“That was interesting,” he says, “because it became clear that a lot of girls had experienced behaviour where they were told to move away from benches.”

“It raised the question of what we consider loitering,” he says. “A bunch of teenagers sitting on a bench in a public space.”

Ultimately, they conceived a bench that catered to old and young, he says, and their different needs.

“Teenagers don’t like as formal a seat,” says Molumby.

“The students prefer something that they can lounge on,” says Laura Carroll. Whereas, she says, older people prefer a more traditional bench.

Says Fran Carroll: “It’s like an S-shaped kissing bench, and the Men’s Shed are involved now in making that bench, so we’re going to cut it up and assemble it.”

Padraig Flynn, the co-founder and director of SOA. says it was interesting to see how the Balbriggan project were so keen to discuss their streets and parks.

“It solved a problem for both groups, because the older men had identified that there’s often not very many resting places if you’re walking through quite a big neighbourhood,” he says.

Meanwhile, more benches could provide teenagers a space to gather in an estate without being asked to move along for supposedly loitering, he says.

The workshop, Molumby says, created a model residents’ association.

Now, the plan is to show the exhibit to different real-life residents’ associations, he says. “To let them know about the type of research we’ve done and the type of future-proofing for housing estates to be more age-friendly.”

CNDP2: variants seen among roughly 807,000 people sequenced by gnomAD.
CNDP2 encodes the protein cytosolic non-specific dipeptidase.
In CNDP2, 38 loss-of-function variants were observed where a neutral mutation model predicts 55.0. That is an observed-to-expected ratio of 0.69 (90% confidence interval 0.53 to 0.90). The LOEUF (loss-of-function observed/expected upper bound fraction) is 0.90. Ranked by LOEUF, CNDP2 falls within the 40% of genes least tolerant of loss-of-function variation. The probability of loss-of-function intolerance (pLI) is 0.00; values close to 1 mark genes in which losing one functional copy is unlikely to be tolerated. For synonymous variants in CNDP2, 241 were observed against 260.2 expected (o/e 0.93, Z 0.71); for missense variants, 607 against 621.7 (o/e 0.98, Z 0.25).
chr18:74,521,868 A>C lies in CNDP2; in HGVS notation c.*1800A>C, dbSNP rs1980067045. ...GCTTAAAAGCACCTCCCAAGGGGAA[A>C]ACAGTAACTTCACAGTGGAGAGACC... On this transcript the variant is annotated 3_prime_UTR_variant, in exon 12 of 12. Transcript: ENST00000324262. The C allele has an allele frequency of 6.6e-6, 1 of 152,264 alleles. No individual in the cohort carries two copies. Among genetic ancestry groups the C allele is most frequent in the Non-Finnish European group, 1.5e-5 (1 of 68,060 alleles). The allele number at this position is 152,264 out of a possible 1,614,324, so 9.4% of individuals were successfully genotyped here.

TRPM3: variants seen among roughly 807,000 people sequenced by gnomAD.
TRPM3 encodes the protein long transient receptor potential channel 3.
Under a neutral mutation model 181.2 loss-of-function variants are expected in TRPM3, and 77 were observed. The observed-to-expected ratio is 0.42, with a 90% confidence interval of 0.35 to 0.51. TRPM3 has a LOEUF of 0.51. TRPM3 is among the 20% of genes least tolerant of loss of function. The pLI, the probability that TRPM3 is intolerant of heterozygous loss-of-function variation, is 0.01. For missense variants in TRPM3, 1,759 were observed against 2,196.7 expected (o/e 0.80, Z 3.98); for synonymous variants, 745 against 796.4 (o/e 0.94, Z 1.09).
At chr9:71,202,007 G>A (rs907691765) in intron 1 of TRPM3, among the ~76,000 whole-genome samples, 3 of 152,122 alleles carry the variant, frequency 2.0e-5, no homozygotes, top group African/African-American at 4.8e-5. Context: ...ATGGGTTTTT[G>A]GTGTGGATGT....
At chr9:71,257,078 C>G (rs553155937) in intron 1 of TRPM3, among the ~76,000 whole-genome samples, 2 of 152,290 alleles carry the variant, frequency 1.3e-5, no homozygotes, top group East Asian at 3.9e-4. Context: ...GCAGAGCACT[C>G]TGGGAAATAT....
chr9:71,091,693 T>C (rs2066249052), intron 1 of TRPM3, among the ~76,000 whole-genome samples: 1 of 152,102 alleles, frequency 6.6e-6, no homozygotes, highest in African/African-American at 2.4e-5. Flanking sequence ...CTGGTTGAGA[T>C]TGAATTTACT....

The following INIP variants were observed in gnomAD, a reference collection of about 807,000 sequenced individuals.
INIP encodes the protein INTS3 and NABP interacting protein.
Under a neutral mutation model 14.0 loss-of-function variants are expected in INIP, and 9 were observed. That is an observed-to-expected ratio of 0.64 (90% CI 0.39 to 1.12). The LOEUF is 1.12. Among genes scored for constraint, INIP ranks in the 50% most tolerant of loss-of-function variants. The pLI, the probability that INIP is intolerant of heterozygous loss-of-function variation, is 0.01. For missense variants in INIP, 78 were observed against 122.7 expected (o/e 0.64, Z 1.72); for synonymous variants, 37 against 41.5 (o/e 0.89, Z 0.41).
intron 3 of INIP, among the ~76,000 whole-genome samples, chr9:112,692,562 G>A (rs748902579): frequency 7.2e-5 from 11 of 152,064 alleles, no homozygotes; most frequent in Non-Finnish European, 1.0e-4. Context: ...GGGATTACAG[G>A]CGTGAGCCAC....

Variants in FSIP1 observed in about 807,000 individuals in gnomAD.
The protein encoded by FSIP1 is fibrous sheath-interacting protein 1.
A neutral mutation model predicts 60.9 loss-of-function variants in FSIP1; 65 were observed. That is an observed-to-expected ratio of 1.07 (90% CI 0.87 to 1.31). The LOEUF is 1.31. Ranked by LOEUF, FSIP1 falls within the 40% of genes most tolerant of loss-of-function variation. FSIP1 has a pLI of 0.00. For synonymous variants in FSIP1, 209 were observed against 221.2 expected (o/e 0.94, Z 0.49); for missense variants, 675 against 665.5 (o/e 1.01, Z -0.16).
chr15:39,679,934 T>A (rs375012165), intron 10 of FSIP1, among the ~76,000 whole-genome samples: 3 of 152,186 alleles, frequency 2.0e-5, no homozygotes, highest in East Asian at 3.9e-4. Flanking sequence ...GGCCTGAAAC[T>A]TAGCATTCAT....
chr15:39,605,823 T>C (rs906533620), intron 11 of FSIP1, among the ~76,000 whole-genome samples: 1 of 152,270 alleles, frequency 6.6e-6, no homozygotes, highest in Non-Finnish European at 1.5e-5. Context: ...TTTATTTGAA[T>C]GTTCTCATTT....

Michael Lanigan is a freelance journalist who covers arts and culture for Dublin Inquirer. His work also appears in Vice, Totally Dublin, TheJournal.ie and the Business Post. You can reach him at michael@dublininquirer.com.

Join the Conversation


  1. I would be very interested in hearing of any plans for the Balbriggan area & i think if the above housing plans are activated they would benifit a lot of people.

  2. I like the idea of downsizing and keeping the area more open to green areas and reducing house builds and forging communities!

  3. I agree that there should be a certain percentage of 2 bedroom houses built in newer estates, however, to accommodate downsizing they should be bungalows . A 2 story house is not going to be any befit to the upcoming older population. It should be made as part of planning permission for any building company be it government or private. Just as it’s a requirement for any builder to build a certain percentage of social housing within in a new estate. Each bungalow should be fully equipped to accommodate an elderly person to be able to stay in their own home should they have any disabilities or care needs. This could also reduce the dependency in the future for carehomes.

  4. At least half the “houses” should be apartments. It’s ridiculous how much farmland is being converted into housing states. Near Taylor Hill more plans are in place to convert farms into houses. I’m living in a 3 bedroom house because I didn’t had any other choice, but I would gladly swap it for an apartment of the same price but with more space. People in Ireland need to stop seeing apartments as something that is only for those earning social benefits! Apartments are also the ideal solution for old people, they can have lifts to get to their apartments and then inside they will have no stairs. Even I get tired of going up and down the stairs so much everyday and I’m young.

  5. If my memory serves me right quite a number of surveys, meetings , etc have previously happened and yet I see very few if any changes in the Balbriggan area the main street is dead the Harbour area is dull and boring no shops left in town centre park areas need a revamp I would like to know how much has been spent by different bodies over the last number of years with little improvement to the town and surrounding areas so so many meetings , surveys, strategies etc but little change .